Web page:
Delilah Saunders back in hospital after being discharged amid transplant controversy

Delilah Saunders is pictured in her room in Toronto General Hospital, Tuesday, December 19, 2017. Chris Young / File / The Canadian Press

An Inuk activist from Labrador is back in hospital with pancreatitis after doctors told her she would not need a liver transplant amid questions about her eligibility under an Ontario transplant program’s alcohol-use policy.

Delilah Saunders posted a video to Facebook on Thursday saying she’ll be staying at the Health Sciences Centre in St. John’s, N.L., for a few days until her pancreas is stable.

READ MORE: Inuk woman discharged from hospital after being denied liver transplant due to alcohol use

Saunders said in the video that doctors are monitoring her condition and managing her pain, which she described as “excruciating.”

“Thank you everyone for your kind words of support and your love,” she told her Facebook followers.

The 25-year-old activist for Aboriginal women was released from a Toronto hospital last weekend after doctors told her she would not need a transplant in the immediate future.

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Saunders, who was treated for acute liver failure, has said doctors initially led her to believe she was ineligible for a transplant because she had not abstained from alcohol for the prior six months.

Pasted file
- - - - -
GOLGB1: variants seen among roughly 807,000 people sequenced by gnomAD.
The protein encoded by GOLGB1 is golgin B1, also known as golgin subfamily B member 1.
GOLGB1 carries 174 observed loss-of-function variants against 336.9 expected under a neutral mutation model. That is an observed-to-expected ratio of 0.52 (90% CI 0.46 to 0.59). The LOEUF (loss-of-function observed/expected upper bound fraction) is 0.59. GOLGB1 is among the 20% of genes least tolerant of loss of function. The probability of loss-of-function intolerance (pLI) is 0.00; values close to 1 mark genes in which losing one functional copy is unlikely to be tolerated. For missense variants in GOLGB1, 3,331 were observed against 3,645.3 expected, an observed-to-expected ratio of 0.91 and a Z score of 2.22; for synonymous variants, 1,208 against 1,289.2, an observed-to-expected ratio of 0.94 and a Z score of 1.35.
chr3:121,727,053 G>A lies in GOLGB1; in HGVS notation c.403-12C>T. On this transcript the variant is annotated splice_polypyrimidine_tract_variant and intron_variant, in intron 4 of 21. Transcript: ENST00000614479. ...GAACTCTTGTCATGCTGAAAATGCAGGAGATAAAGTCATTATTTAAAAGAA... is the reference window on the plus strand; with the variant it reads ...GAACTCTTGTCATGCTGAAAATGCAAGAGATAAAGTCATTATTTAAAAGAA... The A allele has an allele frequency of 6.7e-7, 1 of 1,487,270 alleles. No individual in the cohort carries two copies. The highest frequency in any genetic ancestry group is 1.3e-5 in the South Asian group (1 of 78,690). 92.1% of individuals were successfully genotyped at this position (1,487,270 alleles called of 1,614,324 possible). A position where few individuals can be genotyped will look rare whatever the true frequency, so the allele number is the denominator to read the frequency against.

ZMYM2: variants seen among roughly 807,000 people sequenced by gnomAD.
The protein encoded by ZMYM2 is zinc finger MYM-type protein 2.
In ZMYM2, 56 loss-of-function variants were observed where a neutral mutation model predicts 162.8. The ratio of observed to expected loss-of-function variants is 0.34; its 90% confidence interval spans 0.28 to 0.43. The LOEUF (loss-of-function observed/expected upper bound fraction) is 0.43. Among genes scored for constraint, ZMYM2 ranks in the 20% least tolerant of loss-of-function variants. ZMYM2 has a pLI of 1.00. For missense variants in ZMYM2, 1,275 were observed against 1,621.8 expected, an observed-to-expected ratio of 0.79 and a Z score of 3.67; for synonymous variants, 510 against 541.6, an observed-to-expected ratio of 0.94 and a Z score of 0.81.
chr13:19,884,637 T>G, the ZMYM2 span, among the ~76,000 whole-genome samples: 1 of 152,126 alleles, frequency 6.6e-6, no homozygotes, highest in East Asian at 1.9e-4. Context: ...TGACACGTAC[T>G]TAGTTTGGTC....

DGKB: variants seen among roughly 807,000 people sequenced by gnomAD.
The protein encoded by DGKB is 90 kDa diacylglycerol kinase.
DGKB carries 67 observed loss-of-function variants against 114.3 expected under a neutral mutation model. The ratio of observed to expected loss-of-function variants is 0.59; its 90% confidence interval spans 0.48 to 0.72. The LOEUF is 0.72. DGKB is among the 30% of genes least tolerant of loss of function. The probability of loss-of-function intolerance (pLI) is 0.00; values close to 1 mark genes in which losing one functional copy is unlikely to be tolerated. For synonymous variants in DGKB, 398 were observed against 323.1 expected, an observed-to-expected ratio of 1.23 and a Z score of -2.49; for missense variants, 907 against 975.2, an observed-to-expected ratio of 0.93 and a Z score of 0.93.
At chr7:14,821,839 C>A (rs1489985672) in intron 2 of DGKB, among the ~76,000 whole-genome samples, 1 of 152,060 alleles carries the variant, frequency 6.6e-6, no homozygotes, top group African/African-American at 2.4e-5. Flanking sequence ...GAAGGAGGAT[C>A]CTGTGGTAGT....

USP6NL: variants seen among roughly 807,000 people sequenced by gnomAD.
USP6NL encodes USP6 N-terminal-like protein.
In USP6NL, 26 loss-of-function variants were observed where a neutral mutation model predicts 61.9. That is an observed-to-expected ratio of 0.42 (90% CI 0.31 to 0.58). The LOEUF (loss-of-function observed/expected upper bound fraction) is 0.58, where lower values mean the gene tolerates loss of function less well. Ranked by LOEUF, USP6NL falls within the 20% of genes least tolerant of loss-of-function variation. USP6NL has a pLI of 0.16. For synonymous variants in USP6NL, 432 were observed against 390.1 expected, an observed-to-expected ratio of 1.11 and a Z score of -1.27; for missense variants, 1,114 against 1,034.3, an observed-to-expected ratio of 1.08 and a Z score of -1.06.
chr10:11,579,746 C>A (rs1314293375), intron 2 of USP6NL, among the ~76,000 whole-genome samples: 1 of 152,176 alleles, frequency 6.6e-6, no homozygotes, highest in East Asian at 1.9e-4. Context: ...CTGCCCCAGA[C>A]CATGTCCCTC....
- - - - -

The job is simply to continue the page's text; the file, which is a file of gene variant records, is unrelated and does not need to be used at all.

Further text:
Her case spurred a national discussion about an Ontario transplant program’s six-month abstinence policy, drawing support from Aboriginal groups and Amnesty International.

Transplant doctors have defended the Ontario rule, citing research suggesting some alcoholics return to drinking after the procedure and the transplant may not succeed as a result.

WATCH: Are sobriety guidelines for liver transplants too harsh?

Click to play video: 'Are sobriety guidelines for liver transplants too harsh?'
Are sobriety guidelines for liver transplants too harsh?

Saunders said she was not feeling up for an interview on Friday, but she has said previously she plans to keep advocating on behalf of other patients who are denied treatment because of the alcohol-use policy, which she characterized as too “restrictive.”

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“I’ve gotten to know the inaccessibility (of the health-care system) first-hand in a much more intimate way than I would have preferred,” she said in an interview on Sunday.

“This gives me the extra drive to be able to create that change and to be able to make these life-saving medical procedures more accessible.”

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